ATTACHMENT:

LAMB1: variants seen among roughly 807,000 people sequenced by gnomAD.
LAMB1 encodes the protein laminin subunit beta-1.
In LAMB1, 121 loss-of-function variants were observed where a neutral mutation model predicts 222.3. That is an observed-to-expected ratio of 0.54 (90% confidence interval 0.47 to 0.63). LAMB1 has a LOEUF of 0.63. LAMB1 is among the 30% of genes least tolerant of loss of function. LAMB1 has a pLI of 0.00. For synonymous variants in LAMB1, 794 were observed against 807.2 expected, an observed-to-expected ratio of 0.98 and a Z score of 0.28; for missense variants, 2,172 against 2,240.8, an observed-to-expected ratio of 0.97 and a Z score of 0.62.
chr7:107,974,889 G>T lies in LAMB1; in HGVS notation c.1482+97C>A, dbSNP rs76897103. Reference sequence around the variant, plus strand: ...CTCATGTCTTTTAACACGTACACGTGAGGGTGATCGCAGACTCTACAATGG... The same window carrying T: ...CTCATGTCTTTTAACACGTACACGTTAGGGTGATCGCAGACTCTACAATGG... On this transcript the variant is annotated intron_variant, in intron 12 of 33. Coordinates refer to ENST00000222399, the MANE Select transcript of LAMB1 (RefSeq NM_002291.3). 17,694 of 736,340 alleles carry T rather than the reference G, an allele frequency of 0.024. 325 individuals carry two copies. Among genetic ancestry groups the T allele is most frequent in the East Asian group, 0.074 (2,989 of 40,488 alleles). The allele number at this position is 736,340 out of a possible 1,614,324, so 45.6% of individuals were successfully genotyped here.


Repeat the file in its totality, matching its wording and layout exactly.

LAMB1: variants seen among roughly 807,000 people sequenced by gnomAD.
LAMB1 encodes the protein laminin subunit beta-1.
In LAMB1, 121 loss-of-function variants were observed where a neutral mutation model predicts 222.3. That is an observed-to-expected ratio of 0.54 (90% confidence interval 0.47 to 0.63). LAMB1 has a LOEUF of 0.63. LAMB1 is among the 30% of genes least tolerant of loss of function. LAMB1 has a pLI of 0.00. For synonymous variants in LAMB1, 794 were observed against 807.2 expected, an observed-to-expected ratio of 0.98 and a Z score of 0.28; for missense variants, 2,172 against 2,240.8, an observed-to-expected ratio of 0.97 and a Z score of 0.62.
chr7:107,974,889 G>T lies in LAMB1; in HGVS notation c.1482+97C>A, dbSNP rs76897103. Reference sequence around the variant, plus strand: ...CTCATGTCTTTTAACACGTACACGTGAGGGTGATCGCAGACTCTACAATGG... The same window carrying T: ...CTCATGTCTTTTAACACGTACACGTTAGGGTGATCGCAGACTCTACAATGG... On this transcript the variant is annotated intron_variant, in intron 12 of 33. Coordinates refer to ENST00000222399, the MANE Select transcript of LAMB1 (RefSeq NM_002291.3). 17,694 of 736,340 alleles carry T rather than the reference G, an allele frequency of 0.024. 325 individuals carry two copies. Among genetic ancestry groups the T allele is most frequent in the East Asian group, 0.074 (2,989 of 40,488 alleles). The allele number at this position is 736,340 out of a possible 1,614,324, so 45.6% of individuals were successfully genotyped here.